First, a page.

University students residing in France during quarantine due to the global coronavirus 2019 (COVID-19) pandemic have experienced a high prevalence of mental health issues. These findings, from a cross-sectional survey, were published in JAMA Network Open.

This survey began collecting data at 82 universities throughout France on April 17 2020. Emails were sent to approximately 1,600,000 students inviting them to participate. Students were assessed by the Impact of Events Scale-Revised (IES-R), 10-item Perceived Stress Scale (PSS-10), 13-item Beck Depression Inventory (BDI-13), 20-item State-Trait Anxiety Inventory (STAI Y2), and for demographics. A follow-up at 1 year is anticipated.

The survey was completed by 69,054 participants who were majority women (72.8%) with a median age of 20 (interquartile range [IQR], 18-22) years living in urban areas (46.8%). Some of the participants (6.2%) were foreign students. A history of psychiatric follow-up was reported by 10.3% of respondents and COVID-19-like symptoms were reported by 23.5%.

Over a quarter (27.1%) were residing in high-infection regions and 81.8% lived with family members. On a scale of 1-10, students indicated their housing situation was precarious (8, IQR, 7-10) and 21.9% were experiencing a loss of income due to quarantine.


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Suicidal thoughts were reported by 11.4%, severe distress by 22.4%, perceived stress by 24.7%, symptoms of depression by 16.1%, and anxiety by 27.5%. Nearly half of students (42.8%) reported at least 1 mental health issue.

A minimum of 1 mental health outcome was associated with the demographic features of women (odds ratio [OR], 2.10; 95% CI, 2.02-2.19; P <.001), nonbinary individuals (OR, 3.57; 95% CI, 2.99-4.27; P <.001), foreign students (OR, 1.12; 95% CI, 1.04-1.20; P =.004), and year of study (sixth vs first: OR, 0.79; 95% CI, 0.69-0.89; P <.001).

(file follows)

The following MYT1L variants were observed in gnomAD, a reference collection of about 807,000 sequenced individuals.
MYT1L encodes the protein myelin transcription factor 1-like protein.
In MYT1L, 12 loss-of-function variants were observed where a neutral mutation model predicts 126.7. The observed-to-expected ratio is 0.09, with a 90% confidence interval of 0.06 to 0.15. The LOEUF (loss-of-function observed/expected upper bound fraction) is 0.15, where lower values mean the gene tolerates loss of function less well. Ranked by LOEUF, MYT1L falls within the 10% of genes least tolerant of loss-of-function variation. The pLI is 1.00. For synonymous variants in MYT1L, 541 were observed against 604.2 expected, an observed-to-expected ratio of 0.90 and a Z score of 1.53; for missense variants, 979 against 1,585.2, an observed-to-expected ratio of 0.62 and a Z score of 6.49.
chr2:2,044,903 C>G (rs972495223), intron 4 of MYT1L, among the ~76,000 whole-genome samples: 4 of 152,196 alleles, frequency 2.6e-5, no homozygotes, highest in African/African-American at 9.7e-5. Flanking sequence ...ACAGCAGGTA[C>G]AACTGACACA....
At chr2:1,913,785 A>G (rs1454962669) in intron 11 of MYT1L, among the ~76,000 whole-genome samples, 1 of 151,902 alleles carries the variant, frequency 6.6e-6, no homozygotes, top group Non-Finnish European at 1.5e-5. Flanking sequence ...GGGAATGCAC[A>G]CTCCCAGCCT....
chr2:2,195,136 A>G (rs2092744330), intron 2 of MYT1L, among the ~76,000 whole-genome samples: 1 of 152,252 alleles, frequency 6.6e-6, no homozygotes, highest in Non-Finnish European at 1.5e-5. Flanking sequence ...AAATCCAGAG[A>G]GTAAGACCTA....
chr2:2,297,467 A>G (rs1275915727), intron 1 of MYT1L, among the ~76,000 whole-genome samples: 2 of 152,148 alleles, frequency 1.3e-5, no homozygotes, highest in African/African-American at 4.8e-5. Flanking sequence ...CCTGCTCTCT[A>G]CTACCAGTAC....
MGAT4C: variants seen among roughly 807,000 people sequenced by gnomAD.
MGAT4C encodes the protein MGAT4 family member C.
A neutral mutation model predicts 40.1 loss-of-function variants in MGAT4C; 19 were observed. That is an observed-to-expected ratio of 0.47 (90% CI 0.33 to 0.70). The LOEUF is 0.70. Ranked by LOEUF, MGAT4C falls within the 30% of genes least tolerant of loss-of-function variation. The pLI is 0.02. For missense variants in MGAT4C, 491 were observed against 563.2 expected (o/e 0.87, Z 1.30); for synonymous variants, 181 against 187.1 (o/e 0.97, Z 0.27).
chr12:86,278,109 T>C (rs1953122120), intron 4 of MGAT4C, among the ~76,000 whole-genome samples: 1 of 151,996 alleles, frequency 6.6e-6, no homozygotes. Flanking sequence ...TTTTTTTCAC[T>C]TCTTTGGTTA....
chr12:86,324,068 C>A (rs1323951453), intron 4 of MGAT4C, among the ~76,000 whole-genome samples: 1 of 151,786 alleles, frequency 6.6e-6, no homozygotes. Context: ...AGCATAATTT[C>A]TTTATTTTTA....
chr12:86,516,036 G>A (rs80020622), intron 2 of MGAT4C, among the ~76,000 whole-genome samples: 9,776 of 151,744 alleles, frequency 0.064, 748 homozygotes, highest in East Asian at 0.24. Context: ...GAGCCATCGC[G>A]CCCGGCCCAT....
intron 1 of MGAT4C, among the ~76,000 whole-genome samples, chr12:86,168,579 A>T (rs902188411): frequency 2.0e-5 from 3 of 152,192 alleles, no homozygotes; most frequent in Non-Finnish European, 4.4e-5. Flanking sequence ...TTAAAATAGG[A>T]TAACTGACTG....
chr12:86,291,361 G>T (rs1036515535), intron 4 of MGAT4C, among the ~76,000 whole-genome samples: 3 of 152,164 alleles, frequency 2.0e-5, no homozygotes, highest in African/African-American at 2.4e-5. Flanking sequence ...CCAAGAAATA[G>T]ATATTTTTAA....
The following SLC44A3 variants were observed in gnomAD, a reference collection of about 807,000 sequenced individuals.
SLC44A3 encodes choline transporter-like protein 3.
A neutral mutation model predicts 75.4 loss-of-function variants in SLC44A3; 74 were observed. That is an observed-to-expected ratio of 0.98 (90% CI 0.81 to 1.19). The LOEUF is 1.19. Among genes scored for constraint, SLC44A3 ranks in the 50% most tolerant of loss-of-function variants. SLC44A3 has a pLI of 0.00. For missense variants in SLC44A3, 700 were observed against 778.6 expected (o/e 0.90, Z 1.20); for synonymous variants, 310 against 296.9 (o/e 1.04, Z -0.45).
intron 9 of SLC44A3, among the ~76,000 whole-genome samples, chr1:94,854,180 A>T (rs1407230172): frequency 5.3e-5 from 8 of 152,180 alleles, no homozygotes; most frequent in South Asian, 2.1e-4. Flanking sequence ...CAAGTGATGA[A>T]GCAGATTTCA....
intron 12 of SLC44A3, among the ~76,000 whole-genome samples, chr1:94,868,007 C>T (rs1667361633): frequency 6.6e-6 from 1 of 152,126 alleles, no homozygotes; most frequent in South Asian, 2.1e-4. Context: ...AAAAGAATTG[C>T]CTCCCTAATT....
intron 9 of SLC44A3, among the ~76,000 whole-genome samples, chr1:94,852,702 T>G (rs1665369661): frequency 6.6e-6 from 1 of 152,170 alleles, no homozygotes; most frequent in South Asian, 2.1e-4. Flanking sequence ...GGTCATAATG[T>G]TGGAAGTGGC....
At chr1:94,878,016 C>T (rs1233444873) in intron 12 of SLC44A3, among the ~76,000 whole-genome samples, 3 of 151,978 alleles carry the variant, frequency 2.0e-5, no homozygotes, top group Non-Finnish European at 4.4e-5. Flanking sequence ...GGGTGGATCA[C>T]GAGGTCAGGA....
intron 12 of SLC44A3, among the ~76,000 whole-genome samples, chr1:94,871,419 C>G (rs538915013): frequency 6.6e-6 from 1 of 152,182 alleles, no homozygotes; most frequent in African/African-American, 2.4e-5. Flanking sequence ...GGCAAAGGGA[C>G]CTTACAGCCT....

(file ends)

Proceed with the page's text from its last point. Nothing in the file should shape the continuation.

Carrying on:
The financial or housing factors which were associated with a minimum of 1 mental health outcome were living in high infection areas (OR, 1.09; 95% CI, 1.05-1.14; P <.001), loss of job (OR, 1.28; 95% CI, 1.22-1.33; P <.001), quality of housing (low vs high: OR, 2.30; 95% CI, 2.06-2.57; P <.001), and living with a roommate (OR, 1.23; 95% CI, 1.13-1.35; P <.001).

Students who had a history of psychiatric follow-up (OR, 3.28; 95% CI, 3.09-3.48; P <.001), had COVID-19 symptoms (OR, 1.55; 95% CI, 1.49-1.61; P <.001), or spent less time doing physical activity (<15 vs 60 min/d: OR, 1.50; 95% CI, 1.43-1.58; P <.001) were at increased risk for 1 mental health outcome.

Limitations include the possibility that this study had some selection bias. Also, although the number of respondents was high, the respondent rate only represented 4.3% of the students.

These data found a high incidence of suicidal ideation and severe distress symptoms among university students in France during quarantine due to COVID-19. Special attention should be paid to the students who may be at increased risk for mental health symptoms.

Disclosure: Multiple authors declared affiliations with industry. Please refer to the original article for a full list of disclosures.

Reference

Wathelet M, Duhem S, Vaiva G, et al. Factors associated with mental health disorders among university students in France confined during the COVID-19 pandemic. JAMA Netw Open. 2020;3(10):e2025591. doi: 10.1001/jamanetworkopen.2020.25591